Co-management compliance is tracking down by the U.S. Department of Health and Human Services OIG (Office of Inspector General).
You should manage the patient’s transfer of care correctly as well as it must be medically acceptable (determination is made by the surgeon and the patient).
Transfer of care is defined as a transfer of responsibility for a patient’s care from one qualified healthcare provider operating within his/her scope of practice to another who also operates within his/her scope of practice.
Now, let’s look at Co-Management and various scenarios where it is applied:
In the postoperative care relationship between an ophthalmologist/cataract surgeon and a non-operating provider (e.g., an optometrist) for shared responsibility is called as Co-management.
Various scenarios where Co-Management is appropriate:
- The patient is unable to return to the surgeon for follow-up
- Patient preference or the patient experiences another illness or complication that requires intervention by another provider
- The surgeon is unavailable for care
Medicare billing for Cataract Co-Management
You be sure to use the correct modifier; when you co-manage a cataract surgical procedure that was performed by a surgeon. Your co-management claim will be denied if the surgeon has not filed their claim, or if they filed without using the correct modifier indicating surgical care only. Moreover, to avoid delayed payments good communication with the surgeon’s office should be maintained.
The surgeon submits a claim for the procedure citing the appropriate CPT code and co-management modifier (-54) on the claim form. This modifier is required to identify the surgical procedure in a co-management scenario.
Now, let’s look at various type of care provided and its modifier:
Surgical care only- (-54)
Post-operative care- (-55)
Once the co-managing provider has provided postoperative care, he or she submits a claim form citing the appropriate CPT code and co-management modifier (-55), which indicates post-operative management only, as well as the date he or she assumed the patient’s postoperative care.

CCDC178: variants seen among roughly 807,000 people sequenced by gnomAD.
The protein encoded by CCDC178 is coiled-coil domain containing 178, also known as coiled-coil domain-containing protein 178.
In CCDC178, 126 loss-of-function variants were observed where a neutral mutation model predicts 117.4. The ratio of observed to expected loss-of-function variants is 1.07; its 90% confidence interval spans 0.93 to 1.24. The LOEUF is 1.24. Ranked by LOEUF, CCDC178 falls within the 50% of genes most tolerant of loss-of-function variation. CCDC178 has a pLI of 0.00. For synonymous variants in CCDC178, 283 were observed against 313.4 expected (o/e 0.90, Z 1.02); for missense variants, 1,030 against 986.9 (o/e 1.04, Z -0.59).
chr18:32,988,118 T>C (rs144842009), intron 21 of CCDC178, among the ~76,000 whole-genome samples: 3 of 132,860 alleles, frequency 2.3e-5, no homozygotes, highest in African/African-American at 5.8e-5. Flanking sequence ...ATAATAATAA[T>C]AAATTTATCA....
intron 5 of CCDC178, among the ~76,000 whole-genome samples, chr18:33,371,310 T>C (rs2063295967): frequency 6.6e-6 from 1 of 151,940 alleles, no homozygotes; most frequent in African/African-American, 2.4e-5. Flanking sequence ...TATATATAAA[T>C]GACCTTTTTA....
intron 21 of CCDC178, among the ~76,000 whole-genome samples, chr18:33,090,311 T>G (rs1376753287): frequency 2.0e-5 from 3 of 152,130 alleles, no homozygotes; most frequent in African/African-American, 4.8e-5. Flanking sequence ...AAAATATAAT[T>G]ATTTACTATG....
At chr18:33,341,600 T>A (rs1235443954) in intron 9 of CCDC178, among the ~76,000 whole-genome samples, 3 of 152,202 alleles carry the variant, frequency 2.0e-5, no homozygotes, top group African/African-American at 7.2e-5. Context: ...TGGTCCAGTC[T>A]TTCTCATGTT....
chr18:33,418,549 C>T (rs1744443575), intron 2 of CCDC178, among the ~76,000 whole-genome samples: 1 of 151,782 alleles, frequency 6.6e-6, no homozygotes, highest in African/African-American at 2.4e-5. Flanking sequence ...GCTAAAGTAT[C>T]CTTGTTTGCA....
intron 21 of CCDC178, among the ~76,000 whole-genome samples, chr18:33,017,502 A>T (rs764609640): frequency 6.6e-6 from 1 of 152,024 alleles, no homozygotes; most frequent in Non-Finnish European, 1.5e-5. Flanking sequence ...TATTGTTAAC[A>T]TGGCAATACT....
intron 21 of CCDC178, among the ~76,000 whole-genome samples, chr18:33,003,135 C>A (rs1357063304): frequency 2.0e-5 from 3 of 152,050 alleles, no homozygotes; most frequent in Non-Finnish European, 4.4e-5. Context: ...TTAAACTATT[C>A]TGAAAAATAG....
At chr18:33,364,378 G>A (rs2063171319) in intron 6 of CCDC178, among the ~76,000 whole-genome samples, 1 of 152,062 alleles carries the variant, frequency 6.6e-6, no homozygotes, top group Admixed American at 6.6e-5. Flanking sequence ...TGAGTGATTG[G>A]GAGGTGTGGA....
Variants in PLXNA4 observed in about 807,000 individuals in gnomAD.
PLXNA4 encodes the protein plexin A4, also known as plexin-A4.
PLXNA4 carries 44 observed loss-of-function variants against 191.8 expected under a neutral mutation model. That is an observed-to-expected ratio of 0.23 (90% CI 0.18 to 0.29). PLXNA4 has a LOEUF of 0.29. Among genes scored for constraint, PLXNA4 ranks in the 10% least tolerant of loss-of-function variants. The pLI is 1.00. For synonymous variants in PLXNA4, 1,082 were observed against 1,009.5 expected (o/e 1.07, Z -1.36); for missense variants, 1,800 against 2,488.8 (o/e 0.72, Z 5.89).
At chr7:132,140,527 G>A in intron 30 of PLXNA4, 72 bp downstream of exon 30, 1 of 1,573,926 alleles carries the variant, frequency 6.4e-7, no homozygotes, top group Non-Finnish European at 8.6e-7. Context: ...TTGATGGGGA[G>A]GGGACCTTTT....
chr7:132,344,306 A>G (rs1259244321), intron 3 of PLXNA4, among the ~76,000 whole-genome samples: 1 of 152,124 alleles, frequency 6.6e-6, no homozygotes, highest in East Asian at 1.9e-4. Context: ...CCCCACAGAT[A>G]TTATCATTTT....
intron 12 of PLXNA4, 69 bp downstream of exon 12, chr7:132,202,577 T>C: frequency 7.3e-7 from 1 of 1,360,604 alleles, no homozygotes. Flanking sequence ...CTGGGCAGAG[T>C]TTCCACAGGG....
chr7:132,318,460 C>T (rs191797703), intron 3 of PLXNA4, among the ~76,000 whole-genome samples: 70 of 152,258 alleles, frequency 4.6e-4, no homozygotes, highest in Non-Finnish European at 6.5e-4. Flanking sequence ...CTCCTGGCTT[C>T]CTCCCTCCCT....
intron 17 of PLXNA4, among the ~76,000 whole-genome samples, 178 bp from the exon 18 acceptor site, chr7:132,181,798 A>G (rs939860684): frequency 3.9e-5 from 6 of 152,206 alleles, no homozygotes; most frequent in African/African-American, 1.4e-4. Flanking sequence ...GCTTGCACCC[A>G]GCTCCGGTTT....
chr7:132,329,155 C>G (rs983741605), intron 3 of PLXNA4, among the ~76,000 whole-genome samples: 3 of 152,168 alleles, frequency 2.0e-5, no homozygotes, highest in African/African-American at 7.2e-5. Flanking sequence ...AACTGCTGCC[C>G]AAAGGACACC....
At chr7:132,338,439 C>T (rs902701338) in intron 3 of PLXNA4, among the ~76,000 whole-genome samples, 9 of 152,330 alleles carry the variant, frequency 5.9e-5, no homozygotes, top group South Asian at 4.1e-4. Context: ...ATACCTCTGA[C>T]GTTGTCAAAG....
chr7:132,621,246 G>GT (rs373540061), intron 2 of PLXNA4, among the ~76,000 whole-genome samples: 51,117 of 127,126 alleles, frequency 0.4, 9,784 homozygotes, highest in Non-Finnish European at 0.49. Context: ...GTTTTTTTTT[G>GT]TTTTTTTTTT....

Medicare Reimbursement for Post-Operative Services
The total post-operative care percentage for ophthalmic procedures has been set at 20% of the surgical fee allowance.
In cases where more than one provider furnishes post-operative services, the payment will be divided between the providers based on the number of days for which each provider is responsible for furnishing post-operative care.
However, there are various challenges for Cataract Post-Op Co-Management Claims
- There is often confusion with the date of the patient visited the optometrist and the date of surgery
- There is an incorrect use of Assumed Care Date (date postoperative care assumed by another provider) and Relinquished Care Date (date provider stopped postoperative care) from the office billers
- The surgeon’s name and NPI were not listed on the claim as the referring physician.
- Since the cataract post-op care was performed within the global period of the first postoperative claim, the office billers were not appending the correct modifier on the second postoperative claim to ensure both claims were paid correctly.
- Before the optometrist filed the postoperative claim, the surgeon’s medical claim should have been filed to Medicare.
- The claim was billed with 89 units instead of 1 unit for Medicare, which led to Medicare denying the claims.
We are here to help you solve these challenges to streamline your insurance claim process. These cataract post-op co-management guidelines are a great place to start on your path to healthier cash flow and fewer denials.